Saturday, January 13, 2018

Oversized in My Collection: 1986 Donruss All-Stars (Part 2 of 6)

This Saturday we're continuing with showing the entire set of 1986 Donruss oversized All-Stars; I showed cards 1-10 last week, and we have 11-20 this week.

Previously in this series: 1986 Donruss All-Stars Part 1 (1-10).
#11.  Lou Whitaker.
The first 18 cards are the starters, in the order of the lineup.  At #10 we had Rickey Henderson, a natural choice to bat leadoff for the AL.  Batting second was Lou Whitaker of the Tigers.  The 1986 All-Star set is based on the 1985 All-Star game which is influenced by the 1984 World Series, and Whitaker is one of two World Champion Detroit Tigers in the starting lineup (along with starting pitcher Jack Morris below).  The NL starting lineup, by contrast, had a whopping 5 of the NL pennant-winning San Diego Padres.

If you check you'll see that, with Morris' recent selection for the Hall of Fame, Whitaker is the only AL starter not in the Hall.  I hope that will be remedied in the near future!  The NL, by contrast, hardly had any Hall-of-Famers in its lineup (just Tony Gwynn and Ozzie Smith), but the NL won the game 6-1 anyway.  In the game, Whitaker went 0-for-2, flying out to right field both times he was up.
#12.  George Brett.
Batting third for the AL was third baseman George Brett, making his 10th of 13 consecutive All-Star appearances.  Brett went 0-for-1 in 3 plate appearances with one walk, and drove in the AL's only run with a sacrifice fly to score Rickey Henderson in the 1st inning.  I like that you can see his name on his uniform as G. Brett; I'm guessing the first initial is an artifact of his brother Ken having once played with him on the Royals.
#13.  Eddie Murray.
Batting cleanup for the AL was slugger Eddie Murray of Baltimore.  No one on the AL team had a good night, really, and that included Murray, who went 0-for-3.  This was the 6th of Murray's 8 career All-Star appearances.
#14.  Cal Ripken, Jr.
I sometimes wonder why the early 90s Orioles teams didn't do better, with players like Ripken, Brady Anderson, and Mike Mussina.  But the early 80s teams, with Ripken, Murray, and an aging Jim Palmer, did win the 1983 World Series.  In the game, Ripken went 1-for-3, with a single off Nolan Ryan in the 6th inning.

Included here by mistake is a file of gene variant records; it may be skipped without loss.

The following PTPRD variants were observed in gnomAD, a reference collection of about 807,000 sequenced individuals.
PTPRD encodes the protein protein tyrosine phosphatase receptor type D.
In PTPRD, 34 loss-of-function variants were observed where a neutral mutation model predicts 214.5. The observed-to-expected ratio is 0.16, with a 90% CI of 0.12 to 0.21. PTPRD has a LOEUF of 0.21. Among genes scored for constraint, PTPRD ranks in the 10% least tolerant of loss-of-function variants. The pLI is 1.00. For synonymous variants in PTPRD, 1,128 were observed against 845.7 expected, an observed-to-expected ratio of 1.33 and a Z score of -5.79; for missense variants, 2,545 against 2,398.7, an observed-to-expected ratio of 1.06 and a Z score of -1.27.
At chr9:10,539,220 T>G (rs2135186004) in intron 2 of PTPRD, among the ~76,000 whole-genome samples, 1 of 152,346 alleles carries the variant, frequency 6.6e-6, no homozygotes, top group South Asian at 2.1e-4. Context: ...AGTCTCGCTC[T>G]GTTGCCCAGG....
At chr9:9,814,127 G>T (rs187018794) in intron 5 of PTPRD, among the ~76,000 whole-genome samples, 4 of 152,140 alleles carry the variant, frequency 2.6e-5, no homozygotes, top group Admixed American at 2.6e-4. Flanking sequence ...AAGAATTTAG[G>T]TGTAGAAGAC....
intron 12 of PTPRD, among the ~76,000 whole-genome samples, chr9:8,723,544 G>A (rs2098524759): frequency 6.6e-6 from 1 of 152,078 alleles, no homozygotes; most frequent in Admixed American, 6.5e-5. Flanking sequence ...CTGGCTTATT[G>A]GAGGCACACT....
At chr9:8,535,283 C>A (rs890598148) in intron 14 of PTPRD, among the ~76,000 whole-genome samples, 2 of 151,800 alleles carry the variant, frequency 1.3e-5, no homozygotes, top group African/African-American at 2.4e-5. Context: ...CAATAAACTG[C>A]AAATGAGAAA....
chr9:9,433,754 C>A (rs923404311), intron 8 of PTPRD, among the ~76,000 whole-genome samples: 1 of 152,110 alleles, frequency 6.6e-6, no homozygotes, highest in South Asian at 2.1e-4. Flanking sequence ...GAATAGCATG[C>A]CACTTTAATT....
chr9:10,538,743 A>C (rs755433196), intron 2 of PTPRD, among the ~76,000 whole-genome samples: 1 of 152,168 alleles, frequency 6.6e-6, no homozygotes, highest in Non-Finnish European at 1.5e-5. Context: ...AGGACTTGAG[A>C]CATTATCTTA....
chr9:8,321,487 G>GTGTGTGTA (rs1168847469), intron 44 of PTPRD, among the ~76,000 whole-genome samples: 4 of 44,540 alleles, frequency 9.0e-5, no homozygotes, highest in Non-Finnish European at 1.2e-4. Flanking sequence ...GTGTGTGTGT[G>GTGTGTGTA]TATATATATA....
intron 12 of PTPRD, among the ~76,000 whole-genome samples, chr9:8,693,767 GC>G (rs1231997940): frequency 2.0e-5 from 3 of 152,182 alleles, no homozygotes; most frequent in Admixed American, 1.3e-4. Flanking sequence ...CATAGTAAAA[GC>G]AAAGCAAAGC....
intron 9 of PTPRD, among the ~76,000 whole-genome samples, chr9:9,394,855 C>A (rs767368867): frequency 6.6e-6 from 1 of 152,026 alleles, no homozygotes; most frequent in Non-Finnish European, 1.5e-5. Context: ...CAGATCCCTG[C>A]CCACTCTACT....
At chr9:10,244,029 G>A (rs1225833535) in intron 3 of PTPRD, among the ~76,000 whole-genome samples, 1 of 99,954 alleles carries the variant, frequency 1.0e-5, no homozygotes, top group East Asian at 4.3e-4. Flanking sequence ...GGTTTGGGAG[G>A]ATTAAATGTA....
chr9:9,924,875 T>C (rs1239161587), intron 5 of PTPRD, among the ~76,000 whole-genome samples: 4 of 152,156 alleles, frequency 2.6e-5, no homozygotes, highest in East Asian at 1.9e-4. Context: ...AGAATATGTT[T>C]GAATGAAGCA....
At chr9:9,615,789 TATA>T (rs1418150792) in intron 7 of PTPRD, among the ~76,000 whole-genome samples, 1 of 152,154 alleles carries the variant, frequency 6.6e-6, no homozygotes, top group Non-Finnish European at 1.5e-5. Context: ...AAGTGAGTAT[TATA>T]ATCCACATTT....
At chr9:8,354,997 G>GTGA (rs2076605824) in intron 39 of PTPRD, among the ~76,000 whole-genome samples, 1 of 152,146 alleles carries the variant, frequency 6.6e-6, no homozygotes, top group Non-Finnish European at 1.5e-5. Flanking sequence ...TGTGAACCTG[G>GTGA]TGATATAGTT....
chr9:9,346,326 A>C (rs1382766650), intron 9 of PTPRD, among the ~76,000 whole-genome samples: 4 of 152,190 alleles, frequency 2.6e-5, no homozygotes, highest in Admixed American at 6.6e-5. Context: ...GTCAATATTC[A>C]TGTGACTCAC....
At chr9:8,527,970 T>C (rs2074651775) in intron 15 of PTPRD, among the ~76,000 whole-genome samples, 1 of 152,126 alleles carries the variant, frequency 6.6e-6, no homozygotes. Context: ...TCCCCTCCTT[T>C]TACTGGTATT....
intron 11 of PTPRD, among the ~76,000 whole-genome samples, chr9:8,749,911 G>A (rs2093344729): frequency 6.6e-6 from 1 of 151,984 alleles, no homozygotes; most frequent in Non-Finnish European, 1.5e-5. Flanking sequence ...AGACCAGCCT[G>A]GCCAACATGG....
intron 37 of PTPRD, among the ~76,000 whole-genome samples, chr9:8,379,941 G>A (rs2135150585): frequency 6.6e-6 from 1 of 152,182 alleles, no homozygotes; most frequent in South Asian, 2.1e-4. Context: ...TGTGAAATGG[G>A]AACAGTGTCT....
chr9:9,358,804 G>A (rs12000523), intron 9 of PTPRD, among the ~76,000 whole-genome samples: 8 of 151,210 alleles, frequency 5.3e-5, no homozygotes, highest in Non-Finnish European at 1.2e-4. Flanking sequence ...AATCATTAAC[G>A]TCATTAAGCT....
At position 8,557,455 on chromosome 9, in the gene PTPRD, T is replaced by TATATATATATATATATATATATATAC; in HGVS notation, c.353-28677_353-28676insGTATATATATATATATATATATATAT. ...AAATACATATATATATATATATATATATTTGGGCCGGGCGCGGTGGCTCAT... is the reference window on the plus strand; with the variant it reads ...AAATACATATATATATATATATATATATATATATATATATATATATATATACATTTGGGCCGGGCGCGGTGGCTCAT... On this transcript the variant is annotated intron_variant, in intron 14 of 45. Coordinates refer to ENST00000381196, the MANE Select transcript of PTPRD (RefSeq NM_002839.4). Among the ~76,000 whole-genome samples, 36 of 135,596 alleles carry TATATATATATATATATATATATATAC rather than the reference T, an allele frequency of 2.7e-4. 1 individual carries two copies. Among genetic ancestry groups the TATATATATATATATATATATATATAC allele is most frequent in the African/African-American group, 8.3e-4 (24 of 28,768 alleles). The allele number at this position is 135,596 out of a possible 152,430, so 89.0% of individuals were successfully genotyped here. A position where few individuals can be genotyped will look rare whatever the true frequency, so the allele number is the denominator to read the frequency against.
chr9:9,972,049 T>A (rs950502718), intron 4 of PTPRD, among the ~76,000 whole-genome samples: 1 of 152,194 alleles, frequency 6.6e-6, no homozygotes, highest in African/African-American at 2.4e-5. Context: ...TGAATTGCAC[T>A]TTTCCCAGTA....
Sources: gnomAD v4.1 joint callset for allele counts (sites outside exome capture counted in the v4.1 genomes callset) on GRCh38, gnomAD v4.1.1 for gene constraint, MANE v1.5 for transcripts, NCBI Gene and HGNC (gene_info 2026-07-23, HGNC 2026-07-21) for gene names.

#15.  Dave Winfield.
Dave Winfield is probably my favorite player that I don't have a specific player collection for.  Winfield was a 12-time All-Star, and in 1985 also won one of his 7 Gold Gloves and one of his 6 Silver Sluggers.  He went 1-for-3 in the game, with a single off Nolan Ryan in the 5th inning.
#16.  Jim Rice.
Jim Rice is from Anderson, SC, where my wife and I once lived for three years, so I like him for that reason in addition to appreciating his career record.  Like most of the AL players, he didn't do much in this game, going 0-for-3 in 4 plate appearances, drawing a walk from Fernando Valenzuela in the 7th inning.
#17.  Carlton Fisk.
Batting eighth is the catcher, Carlton Fisk, of the White Sox, wearing that classic Sox uniform.  Fisk went 0-for-2 before being replaced.  His appearance in 1985 was the next-to-last of his 11 All-Star selections, with his last time being near the end of his long career in 1991.

If you look closely at the bottom of the Fisk card, you can see a production defect.  Rather than the card being completely flat, there is some crimping along the bottom edge.  The only other cards I've seen this on are a couple of my Cracker Jack Topps micro cards, which I did show in an earlier post (you can see the crimping much more clearly there, but it's the same type of thing as here).  I wonder if there was some kind of challenge to producing cards in non-standard sizes that led to these defects.
#18.  Jack Morris.
Closing out the starting lineup for the AL, we have pitcher Jack Morris batting 9th.  Morris never made it to bat, though, having been pulled in favor of Jimmy Key in the top of the 3rd inning.  Morris was the losing pitcher, having given up two runs (both earned) in 2-2/3 innings pitched, in what ended up being the AL's 6-1 loss to the NL.
#19.  Jose Cruz.
After the starters, the cards still appear in the order of the lineup.  If you remember card #1, it was Tony Gwynn, because he batted first for the NL.  Cruz was substituted in the 2nd inning for Tony Gwynn, so he took the first spot in the lineup, and he's the next card.  Cruz had three plate appearances, going 0-for-1 with 2 walks and a stolen base.  Then, he was replaced in the lineup with Tim Raines in the 9th inning, so Tim Raines is our next card.  This was the second and final All-Star appearance for Cruz in his career.
#20.  Tim Raines.
At #20 is Tim Raines, who was making the fifth of his seven consecutive All-Star appearances.  Raines, in his one plate appearance in the 9th inning, was walked by Dan Petry, moved to second when Petry also walked Jack Clark, and then scored when Willie McGee hit a ground-rule double.  That was the last run of the game, putting the NL up 6-1.

Next Saturday, we'll continue to relive the 1985 All-Star game by featuring cards 21-30 from the set!

No comments:

Post a Comment